Too Much Grace?
An e-mailer asks, "Has BCC not talked about sin and repentance enough, and talked about grace too much?"
My answer: Yes and no.
I'm of the opinion that we can't talk about grace too much. We should be shouting it from the rooftop. It should be in our words, songs, actions, expressions, tones, and eyes. Shots of grace should be slipped like "mickeys" into everyone's cup at Coffee Connection.
The hitch, from my point of view, is that we have to know what grace is. So, no, we have not talked about grace too much. We should be talking about it more. But we should be talking about it correctly. Grace is for sinners. When you subtract authentic talk of the real problem, it doesn't matter how hard you push grace; it would be like offering a cure for cancer to someone who doesn't know they have the disease. The whole counsel of grace must include what grace is present to heal and deliver us from; otherwise it's just cheap sentimentality. It's feelings or behavior.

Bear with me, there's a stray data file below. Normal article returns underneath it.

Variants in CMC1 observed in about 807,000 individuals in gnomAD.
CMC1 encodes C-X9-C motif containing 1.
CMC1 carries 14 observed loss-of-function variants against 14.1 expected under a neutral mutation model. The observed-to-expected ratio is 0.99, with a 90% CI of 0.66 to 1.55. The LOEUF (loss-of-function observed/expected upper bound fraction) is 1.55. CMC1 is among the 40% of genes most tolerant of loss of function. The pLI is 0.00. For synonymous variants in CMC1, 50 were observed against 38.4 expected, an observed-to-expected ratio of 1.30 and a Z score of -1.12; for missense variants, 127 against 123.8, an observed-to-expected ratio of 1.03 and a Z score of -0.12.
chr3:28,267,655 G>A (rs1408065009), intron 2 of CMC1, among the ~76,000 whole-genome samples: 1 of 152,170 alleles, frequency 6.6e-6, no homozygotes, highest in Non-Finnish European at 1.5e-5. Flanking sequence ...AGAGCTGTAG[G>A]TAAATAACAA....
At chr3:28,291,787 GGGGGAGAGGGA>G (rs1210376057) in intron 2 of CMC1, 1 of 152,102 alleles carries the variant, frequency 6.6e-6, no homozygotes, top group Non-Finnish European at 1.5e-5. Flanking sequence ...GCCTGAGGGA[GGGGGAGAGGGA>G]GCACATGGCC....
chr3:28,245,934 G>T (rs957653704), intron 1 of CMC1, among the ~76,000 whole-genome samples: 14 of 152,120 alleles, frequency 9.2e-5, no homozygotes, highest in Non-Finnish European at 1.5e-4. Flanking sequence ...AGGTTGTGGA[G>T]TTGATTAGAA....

This doesn't mean, however, that we go back to hammering people over the head with all they've done wrong like Churchy McChurchisons did in the olden days. That was subtraction of the real solution. The danger for us in our day and in our kind of church is, to paraphrase a saying of Martin Luther's, to "fall off the horse in the other direction." The real Gospel lay in the balance of the truth of the Law and the truth of Grace, and when you preach one at the expense of the other, you have ceased preaching the Gospel.
So grace is so necessary, so vital, and cannot be underemphasized. But when you preach grace as merely the "solution" to a lack of confidence or to doubt or to powerlessness to prevail or anything else that is a paraphrase (at best) for the real problem -- sinful natures -- you are not really helping anyone. Given what I know of myself, I am glad that grace is for sinners. And that, given God's grace, I shall not be reckoned a sinner in Jesus.